I remember my first time walking in the doors of a huge warehouse filled with more baby and child clothing, toys, and equipment than I'd ever seen in one place before. I quickly learned I could purchase an entire season of like-new baby clothing for $40. 

So now I’m wiser. I find clothes that cost a fraction of the retail price. And I sell my children’s old clothes and equipment at these sales. Goodbye shiny plastic; hello money saved! My objective is to spend less buying new stuff than I rake in with my own sales. (I’m still struggling to master this concept!)

This weekend, I spent my time finishing applying tags to clothing and toys and rushed through what could have become a tearful goodbye to the best piece of baby equipment I ever owned: a pack-n-play. This miracle of inventive ingenuity folds up to fit in a compact container for carrying on the road. The pack-n-play was a bassinet, a changing table, a play pen, a toddler bed – and my ticket to five minutes of almost worry-free hot showering in the morning. (The kiddo was penned up and on his own while I enjoyed a few minutes of wake-up time.) As sentimental as I am saying goodbye to the pack-n-play, my children also are emotional about me selling toys they no longer play with. To confused cries of “Mine!” I packed away a toy house my youngest son used to enjoy but now seldom glances at.

Exciting and emotional times: getting rid of the old, unused equipment and finding steals on “new” needed clothing in bigger sizes.

Monday, October 3, 2011

What’s a nice girl like you doing writing that genre? Part A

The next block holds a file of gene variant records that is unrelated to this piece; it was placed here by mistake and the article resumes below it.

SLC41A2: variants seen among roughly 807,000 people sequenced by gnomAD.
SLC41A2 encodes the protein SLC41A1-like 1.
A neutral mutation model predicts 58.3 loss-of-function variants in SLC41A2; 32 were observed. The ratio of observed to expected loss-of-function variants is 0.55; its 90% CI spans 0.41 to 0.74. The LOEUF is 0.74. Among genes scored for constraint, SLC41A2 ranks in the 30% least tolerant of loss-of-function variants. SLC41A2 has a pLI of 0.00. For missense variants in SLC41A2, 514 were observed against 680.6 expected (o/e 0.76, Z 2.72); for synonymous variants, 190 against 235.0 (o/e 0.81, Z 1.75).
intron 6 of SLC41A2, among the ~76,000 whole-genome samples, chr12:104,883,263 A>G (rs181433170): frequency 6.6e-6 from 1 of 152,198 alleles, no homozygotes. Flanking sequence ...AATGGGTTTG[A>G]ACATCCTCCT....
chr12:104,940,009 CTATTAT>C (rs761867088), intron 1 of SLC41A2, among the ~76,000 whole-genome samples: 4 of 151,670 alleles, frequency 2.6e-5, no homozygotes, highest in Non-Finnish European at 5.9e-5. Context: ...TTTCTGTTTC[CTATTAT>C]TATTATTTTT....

In more or less words, I’ve been asked the question at most book signings I’ve been to. And basically, it boils down to plot. I’ve been writing book-length manuscripts since I was a teenager. Storm Surge was my fifth… but only the first of publishable quality. After four manuscripts, I realized that my writing lacked forward momentum. And as I remember being told during my schooling, if you as a writer are bored reading what you’ve written, you’re guaranteed that any reader will be bored, also. (This is one of the most valuable lessons I learned in my MFA program. That and that a professor’s stuffed rooster makes a fascinating focal point during lectures. Why oh why did I give away my stuffed bobcat as a wedding present?) I digress.

When I was preparing to write Storm Surge, thinking back on my past writing, I realized that my problem was that my plot – well, I didn’t have a plot in many of my manuscripts. That was my problem. So I set out to write a genre cozy mystery, which in its very nature must have a plot with twists and turns, a story line that spirals up into a definitive climax. Based on reviews, I achieved a fast-paced plot. Of course, the need for a plot wasn’t the only reason I wrote a mystery novel. But having a plot in mind before I started writing (even though that plot dramatically changed during the writing process) helped my writing move.